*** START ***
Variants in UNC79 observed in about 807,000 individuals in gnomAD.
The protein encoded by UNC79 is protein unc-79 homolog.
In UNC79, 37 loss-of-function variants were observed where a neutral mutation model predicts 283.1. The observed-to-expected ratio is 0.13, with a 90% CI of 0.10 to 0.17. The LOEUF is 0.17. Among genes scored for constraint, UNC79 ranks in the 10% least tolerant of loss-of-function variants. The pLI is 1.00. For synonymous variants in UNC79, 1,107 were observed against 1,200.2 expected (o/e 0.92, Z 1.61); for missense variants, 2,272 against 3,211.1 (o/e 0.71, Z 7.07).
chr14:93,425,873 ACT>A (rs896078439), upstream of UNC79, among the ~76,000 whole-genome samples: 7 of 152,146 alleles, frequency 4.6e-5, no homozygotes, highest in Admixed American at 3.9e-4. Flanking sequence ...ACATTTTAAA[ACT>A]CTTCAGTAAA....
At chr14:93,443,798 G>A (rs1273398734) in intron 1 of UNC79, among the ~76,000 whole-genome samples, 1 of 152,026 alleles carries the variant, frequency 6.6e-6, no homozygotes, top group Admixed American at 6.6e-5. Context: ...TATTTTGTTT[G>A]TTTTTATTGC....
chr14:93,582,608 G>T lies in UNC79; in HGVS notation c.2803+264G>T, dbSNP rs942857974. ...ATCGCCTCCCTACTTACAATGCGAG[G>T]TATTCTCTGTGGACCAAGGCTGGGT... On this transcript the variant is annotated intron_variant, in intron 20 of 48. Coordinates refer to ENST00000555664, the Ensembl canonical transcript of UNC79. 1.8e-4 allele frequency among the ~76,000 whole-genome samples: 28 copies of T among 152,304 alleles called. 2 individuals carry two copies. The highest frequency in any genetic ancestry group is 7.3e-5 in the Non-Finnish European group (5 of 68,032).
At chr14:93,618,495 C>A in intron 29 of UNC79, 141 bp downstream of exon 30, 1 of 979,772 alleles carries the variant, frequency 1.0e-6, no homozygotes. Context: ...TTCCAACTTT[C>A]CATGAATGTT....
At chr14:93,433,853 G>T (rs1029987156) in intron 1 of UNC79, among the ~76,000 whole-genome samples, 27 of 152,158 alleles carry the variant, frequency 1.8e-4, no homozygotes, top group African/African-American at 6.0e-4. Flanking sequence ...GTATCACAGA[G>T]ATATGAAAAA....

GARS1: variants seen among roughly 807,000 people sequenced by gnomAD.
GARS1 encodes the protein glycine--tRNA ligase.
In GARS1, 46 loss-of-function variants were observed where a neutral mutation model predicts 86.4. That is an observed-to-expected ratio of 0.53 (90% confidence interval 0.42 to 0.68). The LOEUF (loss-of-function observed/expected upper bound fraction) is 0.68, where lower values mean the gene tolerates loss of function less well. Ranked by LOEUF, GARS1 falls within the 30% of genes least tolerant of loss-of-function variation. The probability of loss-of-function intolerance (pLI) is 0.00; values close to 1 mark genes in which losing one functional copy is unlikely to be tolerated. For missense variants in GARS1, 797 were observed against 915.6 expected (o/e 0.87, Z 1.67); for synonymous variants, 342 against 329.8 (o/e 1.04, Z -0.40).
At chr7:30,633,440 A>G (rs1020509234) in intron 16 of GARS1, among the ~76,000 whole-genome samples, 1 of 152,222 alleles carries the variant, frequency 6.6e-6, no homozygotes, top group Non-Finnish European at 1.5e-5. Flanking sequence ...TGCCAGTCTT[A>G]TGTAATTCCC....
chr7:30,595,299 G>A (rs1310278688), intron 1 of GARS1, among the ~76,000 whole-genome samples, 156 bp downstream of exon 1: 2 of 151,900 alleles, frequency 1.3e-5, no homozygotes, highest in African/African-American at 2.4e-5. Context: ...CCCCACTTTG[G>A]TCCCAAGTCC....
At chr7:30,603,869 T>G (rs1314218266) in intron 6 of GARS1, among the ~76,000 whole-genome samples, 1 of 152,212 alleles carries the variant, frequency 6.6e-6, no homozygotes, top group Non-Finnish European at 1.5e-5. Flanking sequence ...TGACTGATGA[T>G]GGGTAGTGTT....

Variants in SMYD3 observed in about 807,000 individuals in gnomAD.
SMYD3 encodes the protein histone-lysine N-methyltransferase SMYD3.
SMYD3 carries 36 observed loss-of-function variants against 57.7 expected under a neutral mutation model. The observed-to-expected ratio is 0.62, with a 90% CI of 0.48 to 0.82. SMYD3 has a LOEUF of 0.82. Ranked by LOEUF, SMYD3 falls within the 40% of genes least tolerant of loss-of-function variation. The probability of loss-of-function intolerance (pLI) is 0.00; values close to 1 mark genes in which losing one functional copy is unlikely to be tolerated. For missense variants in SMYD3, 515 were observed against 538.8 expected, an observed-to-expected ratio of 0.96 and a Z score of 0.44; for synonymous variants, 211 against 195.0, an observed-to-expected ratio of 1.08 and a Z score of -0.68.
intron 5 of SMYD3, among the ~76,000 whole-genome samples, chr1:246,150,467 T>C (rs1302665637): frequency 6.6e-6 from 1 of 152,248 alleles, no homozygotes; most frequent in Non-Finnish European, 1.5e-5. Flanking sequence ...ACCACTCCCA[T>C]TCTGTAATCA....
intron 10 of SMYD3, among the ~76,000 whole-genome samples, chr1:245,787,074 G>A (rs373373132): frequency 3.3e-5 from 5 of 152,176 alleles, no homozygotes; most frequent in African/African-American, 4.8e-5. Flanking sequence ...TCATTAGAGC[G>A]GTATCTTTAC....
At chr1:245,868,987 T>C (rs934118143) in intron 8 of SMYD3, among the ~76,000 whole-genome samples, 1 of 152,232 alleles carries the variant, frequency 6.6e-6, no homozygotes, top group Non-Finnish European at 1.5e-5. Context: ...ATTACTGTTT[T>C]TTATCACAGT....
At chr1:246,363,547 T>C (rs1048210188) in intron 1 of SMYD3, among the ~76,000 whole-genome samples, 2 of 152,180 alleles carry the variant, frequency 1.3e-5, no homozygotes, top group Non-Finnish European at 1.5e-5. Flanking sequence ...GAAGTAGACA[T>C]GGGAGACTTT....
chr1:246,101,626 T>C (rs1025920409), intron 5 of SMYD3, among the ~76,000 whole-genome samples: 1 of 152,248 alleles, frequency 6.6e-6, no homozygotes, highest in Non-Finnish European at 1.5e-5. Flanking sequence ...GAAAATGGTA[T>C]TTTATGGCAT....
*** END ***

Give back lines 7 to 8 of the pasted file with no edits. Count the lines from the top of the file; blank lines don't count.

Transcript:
At chr14:93,618,495 C>A in intron 29 of UNC79, 141 bp downstream of exon 30, 1 of 979,772 alleles carries the variant, frequency 1.0e-6, no homozygotes. Context: ...TTCCAACTTT[C>A]CATGAATGTT....
At chr14:93,433,853 G>T (rs1029987156) in intron 1 of UNC79, among the ~76,000 whole-genome samples, 27 of 152,158 alleles carry the variant, frequency 1.8e-4, no homozygotes, top group African/African-American at 6.0e-4. Flanking sequence ...GTATCACAGA[G>T]ATATGAAAAA....